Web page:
In a move with tremendous strategic import, India has been on a secretive weapons shopping spree on an emergency footing, buying up anti-tank missiles, tank engines, rocket launchers and various kinds of ammunition, from Israel and Russia. The purchases amount to more than $3 billion, persons close to the development said, asking not to be named. Deliveries have begun even as new orders are still being placed.
From Russia, India has bought a few thousand anti-tank guided missiles, several T-90 tank engines and critical tank components. The Russia-made T-90 is the Indian Army's mainstay battle tank. The Russia list also includes multi-barrel rocket launchers that operate with the artillery against advancing columns and soft skinned targets, and large quantity of various kinds of ammunition.
From Israel, India is getting sophisticated unmanned aerial vehicles and several thousand missiles, mainly for the Indian Navy.
HuffPost India is withholding the exact nature and quantity of the arms and ammunition because of its sensitive nature. But to give a broad idea, the purchases are to shore up the stocks of the Indian Army and the Indian Navy. They include high explosive bombs, protective armour for troop-carrying vehicles and tanks, and anti-personnel grenade launchers, among other things.
Top sources in the government confirmed that two separate teams of an "empowered committee" led by senior officials were rushed to Russia and Israel towards the close of 2016 to make these "off-the-shelf purchases"—a procedure of buying resorted to only when there is an emergency. Empowered committees can take on-the-spot decisions to buy and negotiate prices, cutting down lengthy negotiation processes.
Much of the equipment that India decided to buy is now on its way. They are being airlifted in special flights from various ports in Russia and Israel to India.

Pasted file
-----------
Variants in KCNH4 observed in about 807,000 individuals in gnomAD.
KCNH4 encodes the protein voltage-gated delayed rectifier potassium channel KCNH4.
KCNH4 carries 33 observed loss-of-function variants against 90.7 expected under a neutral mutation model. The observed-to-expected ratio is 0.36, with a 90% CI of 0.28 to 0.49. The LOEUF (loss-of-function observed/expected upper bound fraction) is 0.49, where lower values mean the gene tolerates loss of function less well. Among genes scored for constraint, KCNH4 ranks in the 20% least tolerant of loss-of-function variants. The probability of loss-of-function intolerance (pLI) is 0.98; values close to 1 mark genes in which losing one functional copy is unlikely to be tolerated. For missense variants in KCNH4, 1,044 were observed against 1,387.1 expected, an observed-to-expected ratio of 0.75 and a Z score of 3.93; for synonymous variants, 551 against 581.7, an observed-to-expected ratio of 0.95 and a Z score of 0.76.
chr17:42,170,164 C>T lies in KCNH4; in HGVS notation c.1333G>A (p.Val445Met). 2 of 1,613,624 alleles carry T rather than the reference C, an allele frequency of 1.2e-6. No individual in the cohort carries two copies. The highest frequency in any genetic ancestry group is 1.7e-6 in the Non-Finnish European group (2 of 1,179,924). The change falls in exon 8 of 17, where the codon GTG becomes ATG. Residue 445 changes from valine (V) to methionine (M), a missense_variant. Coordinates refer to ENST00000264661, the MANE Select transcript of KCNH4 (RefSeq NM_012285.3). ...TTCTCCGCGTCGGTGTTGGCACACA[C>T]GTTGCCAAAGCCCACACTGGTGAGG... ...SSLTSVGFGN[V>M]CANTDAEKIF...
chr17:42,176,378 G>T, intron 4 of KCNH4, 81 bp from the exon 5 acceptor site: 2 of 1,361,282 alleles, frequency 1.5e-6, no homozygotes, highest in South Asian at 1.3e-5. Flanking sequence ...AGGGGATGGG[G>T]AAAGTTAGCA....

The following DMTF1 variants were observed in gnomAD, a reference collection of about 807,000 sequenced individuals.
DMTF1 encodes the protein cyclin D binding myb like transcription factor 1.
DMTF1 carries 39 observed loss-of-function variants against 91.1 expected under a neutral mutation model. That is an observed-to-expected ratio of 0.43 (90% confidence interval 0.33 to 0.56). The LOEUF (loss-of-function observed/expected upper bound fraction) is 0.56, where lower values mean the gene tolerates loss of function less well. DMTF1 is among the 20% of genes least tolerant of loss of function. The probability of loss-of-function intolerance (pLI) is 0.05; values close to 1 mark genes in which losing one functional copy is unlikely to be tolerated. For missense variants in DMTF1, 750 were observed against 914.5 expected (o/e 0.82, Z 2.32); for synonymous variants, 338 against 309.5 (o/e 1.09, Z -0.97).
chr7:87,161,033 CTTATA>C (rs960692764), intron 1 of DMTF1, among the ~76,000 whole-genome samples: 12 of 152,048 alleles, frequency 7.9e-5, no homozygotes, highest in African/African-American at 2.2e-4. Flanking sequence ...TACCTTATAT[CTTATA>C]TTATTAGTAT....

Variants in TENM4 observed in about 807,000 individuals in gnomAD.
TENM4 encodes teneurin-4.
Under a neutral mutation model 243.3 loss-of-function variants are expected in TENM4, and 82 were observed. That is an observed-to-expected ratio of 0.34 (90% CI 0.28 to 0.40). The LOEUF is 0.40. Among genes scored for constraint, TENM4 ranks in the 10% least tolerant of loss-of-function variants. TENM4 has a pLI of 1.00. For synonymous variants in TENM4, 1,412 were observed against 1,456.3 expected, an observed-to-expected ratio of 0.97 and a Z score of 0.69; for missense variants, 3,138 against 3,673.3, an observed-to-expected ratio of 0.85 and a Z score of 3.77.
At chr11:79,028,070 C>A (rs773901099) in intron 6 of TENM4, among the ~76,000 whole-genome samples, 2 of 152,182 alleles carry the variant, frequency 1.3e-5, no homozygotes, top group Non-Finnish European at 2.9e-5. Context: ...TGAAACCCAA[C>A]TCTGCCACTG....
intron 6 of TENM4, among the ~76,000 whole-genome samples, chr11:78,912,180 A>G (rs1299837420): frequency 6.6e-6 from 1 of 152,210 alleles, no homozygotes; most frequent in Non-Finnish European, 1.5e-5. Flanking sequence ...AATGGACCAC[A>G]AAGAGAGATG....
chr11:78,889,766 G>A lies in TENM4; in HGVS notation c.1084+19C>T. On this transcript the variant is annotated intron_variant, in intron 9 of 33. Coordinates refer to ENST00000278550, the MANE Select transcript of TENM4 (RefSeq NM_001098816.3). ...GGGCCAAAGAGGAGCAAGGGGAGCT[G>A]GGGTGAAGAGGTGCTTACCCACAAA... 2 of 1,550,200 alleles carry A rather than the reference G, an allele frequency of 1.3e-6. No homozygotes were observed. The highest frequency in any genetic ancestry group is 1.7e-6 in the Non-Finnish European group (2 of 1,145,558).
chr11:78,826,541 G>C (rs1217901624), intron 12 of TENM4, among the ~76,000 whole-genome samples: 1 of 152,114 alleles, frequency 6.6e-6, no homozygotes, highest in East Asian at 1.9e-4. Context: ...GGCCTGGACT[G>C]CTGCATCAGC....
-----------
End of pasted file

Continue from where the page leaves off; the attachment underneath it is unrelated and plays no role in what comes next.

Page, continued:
Top military sources who spoke on the condition of anonymity cited the situation across the border and the aggressive maneuvering by the Pakistan military after the surgical strikes in Pakistan-occupied Kashmir by the Indian Special Forces as reasons for the emergency purchases. "It is wise to be prepared," a senior officer said. Others senior officials accepted that stocks of some very critical war fighting items need to be increased. "The emergency purchases are aimed at replenishing and maintaining a minimum level of preparedness for any eventuality," a senior official at the Ministry of Defence (MoD) said.
The MoD did not offer a comment for this article.
Speaking to the media earlier this month, Chief of Army Staff General Bipin Rawat had said that level of "hollowness" in the Indian Army—a military term to describe both lack of stocks of critical items and obsolescence in weapon platforms—"in case of a two-front war is of concern." A two-front war is a situation where India will have to engage Pakistan and China simultaneously. He went on to add that the military was comfortably stocked to handle the proxy war in Jammu and Kashmir. The government has also given more financial powers to the military to buy critical equipment, he said.
Sources also said that another empowered committee is headed to Russia to procure items for Indian Air Force. The Indian Air Force too suffers from hollowness and deficiencies.